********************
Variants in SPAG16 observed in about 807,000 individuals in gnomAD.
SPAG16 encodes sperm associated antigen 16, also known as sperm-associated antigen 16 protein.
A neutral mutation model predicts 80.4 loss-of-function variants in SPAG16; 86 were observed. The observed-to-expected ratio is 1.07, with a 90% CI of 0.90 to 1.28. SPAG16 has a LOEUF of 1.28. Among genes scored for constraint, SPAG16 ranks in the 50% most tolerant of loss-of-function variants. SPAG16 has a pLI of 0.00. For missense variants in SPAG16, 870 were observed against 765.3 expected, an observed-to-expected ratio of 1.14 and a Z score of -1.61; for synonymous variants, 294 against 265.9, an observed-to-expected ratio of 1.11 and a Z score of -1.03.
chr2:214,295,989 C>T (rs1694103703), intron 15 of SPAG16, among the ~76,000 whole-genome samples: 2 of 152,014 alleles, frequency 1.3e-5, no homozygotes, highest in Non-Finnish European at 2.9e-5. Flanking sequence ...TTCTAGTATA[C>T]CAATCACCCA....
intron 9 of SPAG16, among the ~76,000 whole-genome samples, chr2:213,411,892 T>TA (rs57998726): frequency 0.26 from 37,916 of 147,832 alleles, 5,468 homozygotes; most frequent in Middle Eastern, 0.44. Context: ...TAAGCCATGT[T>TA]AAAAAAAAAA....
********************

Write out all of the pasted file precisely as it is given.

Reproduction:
Variants in SPAG16 observed in about 807,000 individuals in gnomAD.
SPAG16 encodes sperm associated antigen 16, also known as sperm-associated antigen 16 protein.
A neutral mutation model predicts 80.4 loss-of-function variants in SPAG16; 86 were observed. The observed-to-expected ratio is 1.07, with a 90% CI of 0.90 to 1.28. SPAG16 has a LOEUF of 1.28. Among genes scored for constraint, SPAG16 ranks in the 50% most tolerant of loss-of-function variants. SPAG16 has a pLI of 0.00. For missense variants in SPAG16, 870 were observed against 765.3 expected, an observed-to-expected ratio of 1.14 and a Z score of -1.61; for synonymous variants, 294 against 265.9, an observed-to-expected ratio of 1.11 and a Z score of -1.03.
chr2:214,295,989 C>T (rs1694103703), intron 15 of SPAG16, among the ~76,000 whole-genome samples: 2 of 152,014 alleles, frequency 1.3e-5, no homozygotes, highest in Non-Finnish European at 2.9e-5. Flanking sequence ...TTCTAGTATA[C>T]CAATCACCCA....
intron 9 of SPAG16, among the ~76,000 whole-genome samples, chr2:213,411,892 T>TA (rs57998726): frequency 0.26 from 37,916 of 147,832 alleles, 5,468 homozygotes; most frequent in Middle Eastern, 0.44. Context: ...TAAGCCATGT[T>TA]AAAAAAAAAA....